I think I may have found the problem with our political system as a whole, guys. As Justin Gest reminds us (and as I've been saying for months now) Donald Trump's followers are not going to suddenly all come to their senses on November 9th and start hugging everyone after they (hopefully) get stomped at the polls. If you think Trumpies are just going to vanish...
For people who feel that way, I have some discouraging news. As part of a broad study of white working class politics, I solicited white Americans’ support for Donald Trump, but also for a hypothetical third party dedicated to “stopping mass immigration, providing American jobs to American workers, preserving America’s Christian heritage, and stopping the threat of Islam”—essentially the platform of the UK’s right-wing British National Party, adapted to the United States. How many white Americans do you think would consider voting for this type of protectionist, xenophobic party?
Clearly, Trump’s allure is bigger than Trump himself.
Who would the new party’s supporters be? What I found in the study is that much like those who support the Trump campaign, those who would consider voting for this third party are more likely to be male, of lower socioeconomic status, without a university education and ideologically conservative—in other words, the Republican Party’s longtime base. They are also more likely to be young (under 40 years old)—so this is not a phenomenon likely to pass quickly.
This is most immediately important to the Republican Party: If Trump were the whole story, and his message didn’t matter, then Republicans could dismiss this election as an anomaly. However, if Trump has stumbled upon a policy agenda that has been latent in the Republican base, then the party is faced with a choice: adopt it in the future, or stick with its longstanding principles and risk alienating its voters. That would either usher in a radical turn in the party’s trajectory or open up space for a third party, the likes of which are growing rapidly in Europe.
It is worth putting the results into perspective. This kind of theoretical question, untethered to any specific party or political figure, may well be a useful test of deep support for such policy platforms. But it’s also an imaginary third party right now, free of the media checks and public scrutiny that would accompany it were it to exist in a competitive party landscape. In Britain, for example, UKIP and its precursor, the British National Party, are both stained by allegations of racism and incompetence, while this hypothetical American counterpart is unexposed.
But neither the BNP nor UKIP has ever garnered anywhere close to a majority of the white British electorate, let alone a general majority. 65 percent is a whopping number—in fact, it’s significantly more than those who expressed support for Trump’s candidacy in my research.
The problem was never Donald Trump, but somebody who could run on Donald Trump's white nationalist platform and not be a self-destructive idiot while doing it. Trump's not the guy you have to be careful of. It's the guy after Trump, who knows how to play this game and win, who is the real danger.
Trump himself meanwhile can't take the fact that 99% of black voters like myself despise him, so in his speech in Wisconsin last night he made a pitch to African-Americans in general.
Donald Trump made a new and explicit plea for the support of black voters on Tuesday, saying the Democratic Party had “failed and betrayed” them and accusing Hillary Clinton of “bigotry” in the pursuit of minority voters.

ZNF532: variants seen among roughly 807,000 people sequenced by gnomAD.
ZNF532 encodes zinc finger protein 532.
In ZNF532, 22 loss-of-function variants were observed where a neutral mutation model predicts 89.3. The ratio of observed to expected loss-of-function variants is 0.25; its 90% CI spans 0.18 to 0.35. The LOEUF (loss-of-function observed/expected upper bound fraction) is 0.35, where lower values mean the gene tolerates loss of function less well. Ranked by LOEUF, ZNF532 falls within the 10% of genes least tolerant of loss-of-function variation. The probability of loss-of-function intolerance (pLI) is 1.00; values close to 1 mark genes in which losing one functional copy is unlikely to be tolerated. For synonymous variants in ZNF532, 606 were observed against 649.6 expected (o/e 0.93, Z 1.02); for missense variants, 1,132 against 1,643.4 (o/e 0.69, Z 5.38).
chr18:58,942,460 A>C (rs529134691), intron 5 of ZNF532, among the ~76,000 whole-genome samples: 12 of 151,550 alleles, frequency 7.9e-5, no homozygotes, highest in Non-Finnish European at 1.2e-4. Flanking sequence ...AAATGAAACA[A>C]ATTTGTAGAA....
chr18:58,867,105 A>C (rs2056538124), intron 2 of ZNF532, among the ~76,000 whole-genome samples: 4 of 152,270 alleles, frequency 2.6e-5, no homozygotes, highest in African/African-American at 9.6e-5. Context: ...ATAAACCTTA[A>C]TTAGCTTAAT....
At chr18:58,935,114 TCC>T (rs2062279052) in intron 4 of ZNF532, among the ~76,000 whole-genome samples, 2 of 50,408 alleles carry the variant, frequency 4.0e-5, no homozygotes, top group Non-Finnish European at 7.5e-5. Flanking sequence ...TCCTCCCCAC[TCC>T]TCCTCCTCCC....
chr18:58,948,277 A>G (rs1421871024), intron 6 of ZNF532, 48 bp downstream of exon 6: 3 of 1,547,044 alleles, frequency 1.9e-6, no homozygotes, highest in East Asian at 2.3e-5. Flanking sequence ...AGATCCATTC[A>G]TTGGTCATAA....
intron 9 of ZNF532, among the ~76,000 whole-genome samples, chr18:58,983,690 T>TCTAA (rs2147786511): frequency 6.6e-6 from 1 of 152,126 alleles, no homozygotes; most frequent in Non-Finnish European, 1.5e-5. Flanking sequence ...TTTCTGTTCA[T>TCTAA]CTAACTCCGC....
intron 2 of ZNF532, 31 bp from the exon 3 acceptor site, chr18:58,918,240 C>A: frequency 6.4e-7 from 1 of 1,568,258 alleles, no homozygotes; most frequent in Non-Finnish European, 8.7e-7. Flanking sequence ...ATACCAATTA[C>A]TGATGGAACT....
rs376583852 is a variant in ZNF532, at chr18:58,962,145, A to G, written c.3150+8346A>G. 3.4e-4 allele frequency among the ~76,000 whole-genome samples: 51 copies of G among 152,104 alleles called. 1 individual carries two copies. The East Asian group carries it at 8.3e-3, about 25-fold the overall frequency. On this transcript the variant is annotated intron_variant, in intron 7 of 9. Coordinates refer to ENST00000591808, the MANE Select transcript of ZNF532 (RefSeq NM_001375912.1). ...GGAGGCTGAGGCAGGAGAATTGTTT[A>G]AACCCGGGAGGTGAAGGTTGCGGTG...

“We reject the bigotry of Hillary Clinton which panders to and talks down to communities of color and sees them only as votes — that’s all they care about — not as individual human beings worthy of a better future,” Trump said at a rally in Wisconsin.
After Republican Party leaders have urged Trump for months to rein in unpredictable tangents on the stump that have gotten him in repeated political trouble, Trump used a teleprompter at a campaign rally for the first time on Tuesday to deliver a speech that waded into the thorny topics of race and politics.
“The Democratic Party has failed and betrayed the African-American community,” Trump declared.
“The Democratic Party has taken the votes of African-Americans for granted. They’ve just assumed they’ll get your support and done nothing in return for it. They’ve taken advantage of the African-American citizen,” he added. “It’s time to give the Democrats some competition for these votes.”
Now, the Republican pitch to black voters has been exactly this for years, it's nothing new, that everything ailing the black community would magically vanish if we just started to vote for the Republicans.
Only, the reality is that in 2016, black voters are the Democratic party. We're the most loyal base and we haven't forgotten the way Trump and Republicans have treated us, have treated President Obama and his family, and the Black Lives Matter movement, so Donald Trump can kindly go screw himself with a rusty pickax. We certainly haven't forgotten how the Republican party has worked over the last 60 years to stop us from voting at all. It's comical how bad this man is at running for President.
But remember this: so far we've had McCain, Romney, and Trump, three guys who made massive unforced errors and completely blew their elections in the final stretch (and Trump is doing an even better job of self-destructing now.) But when we get somebody both smart and dangerous, that's when America gets screwed, big time.
Imagine Ted Cruz or Marco Rubio running on Trump's platform from the start, the whole “stopping mass immigration, providing American jobs to American workers, preserving America’s Christian heritage, and stopping the threat of Islam” thing Gest mentions in his article.
Now imagine them running in 2020.
That's why I want to run up the score this year, guys. I want these guys done.